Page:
(Bloomberg) -- Treasuries fell for a fifth day, reversing earlier gains, before the U.S. government sells $64 billion of notes and bonds this week.
U.S. securities also dropped as Federal Reserve Bank of Philadelphia President Charles Plosser said officials must be aware of the risk of loose monetary policy. Employment gains in the U.S. last week added to speculation the Fed will continue trimming the debt purchases it uses to support the economy. The Fed’s next policy meeting is March 18-19. Treasuries rose earlier as China reported the biggest trade deficit in two years, driving demand for the safety of U.S. debt.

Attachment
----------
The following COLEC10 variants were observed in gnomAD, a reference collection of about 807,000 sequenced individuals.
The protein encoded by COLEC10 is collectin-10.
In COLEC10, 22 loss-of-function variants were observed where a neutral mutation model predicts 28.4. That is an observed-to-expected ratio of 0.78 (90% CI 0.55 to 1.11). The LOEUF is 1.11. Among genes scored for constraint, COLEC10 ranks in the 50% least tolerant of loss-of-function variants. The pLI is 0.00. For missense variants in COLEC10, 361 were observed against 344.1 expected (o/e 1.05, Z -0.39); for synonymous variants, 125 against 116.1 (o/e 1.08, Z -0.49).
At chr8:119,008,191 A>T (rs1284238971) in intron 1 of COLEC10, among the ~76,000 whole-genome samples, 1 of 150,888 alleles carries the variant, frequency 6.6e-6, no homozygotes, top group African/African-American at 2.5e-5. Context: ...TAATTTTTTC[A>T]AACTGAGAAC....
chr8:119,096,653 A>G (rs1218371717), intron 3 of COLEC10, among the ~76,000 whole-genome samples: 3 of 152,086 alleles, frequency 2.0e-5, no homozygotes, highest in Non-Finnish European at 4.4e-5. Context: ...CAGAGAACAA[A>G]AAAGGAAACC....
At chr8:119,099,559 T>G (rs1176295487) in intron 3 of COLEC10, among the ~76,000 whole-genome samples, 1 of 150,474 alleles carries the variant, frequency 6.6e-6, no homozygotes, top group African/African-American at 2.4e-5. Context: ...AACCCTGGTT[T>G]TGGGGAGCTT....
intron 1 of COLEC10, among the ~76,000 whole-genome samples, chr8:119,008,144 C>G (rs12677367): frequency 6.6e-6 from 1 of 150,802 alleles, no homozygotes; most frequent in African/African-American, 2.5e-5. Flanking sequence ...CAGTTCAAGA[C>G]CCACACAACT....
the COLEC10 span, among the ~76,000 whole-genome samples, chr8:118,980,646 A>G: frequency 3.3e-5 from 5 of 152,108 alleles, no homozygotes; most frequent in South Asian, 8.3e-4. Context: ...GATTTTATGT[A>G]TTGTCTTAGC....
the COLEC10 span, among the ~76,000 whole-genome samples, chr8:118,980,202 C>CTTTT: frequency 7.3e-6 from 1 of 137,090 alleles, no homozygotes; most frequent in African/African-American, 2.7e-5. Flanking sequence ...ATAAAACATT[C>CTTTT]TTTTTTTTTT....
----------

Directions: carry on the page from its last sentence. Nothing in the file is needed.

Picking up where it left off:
“While there’s safe-haven demand for Treasuries, that won’t prevent yields from going up,” said Peter Osler, head of rates strategy at Marex Spectron Group Ltd. in London. “The economic recovery in the U.S. means rates will have to go up at some point, and it could happen sooner than what’s currently priced in by the market.”
U.S. 10-year yields rose one basis point, or 0.01 percentage point, to 2.80% at 8:01 a.m. New York time after falling as much as three basis points earlier. The 2.75% security due February 2024 fell 2/32, or 63 cents per $1,000 face amount, to 99 19/32.
The yield advanced to 2.82% on March 7, the highest level since Jan. 23. It was 115 basis points more than 10-year German bunds, the most in seven years.
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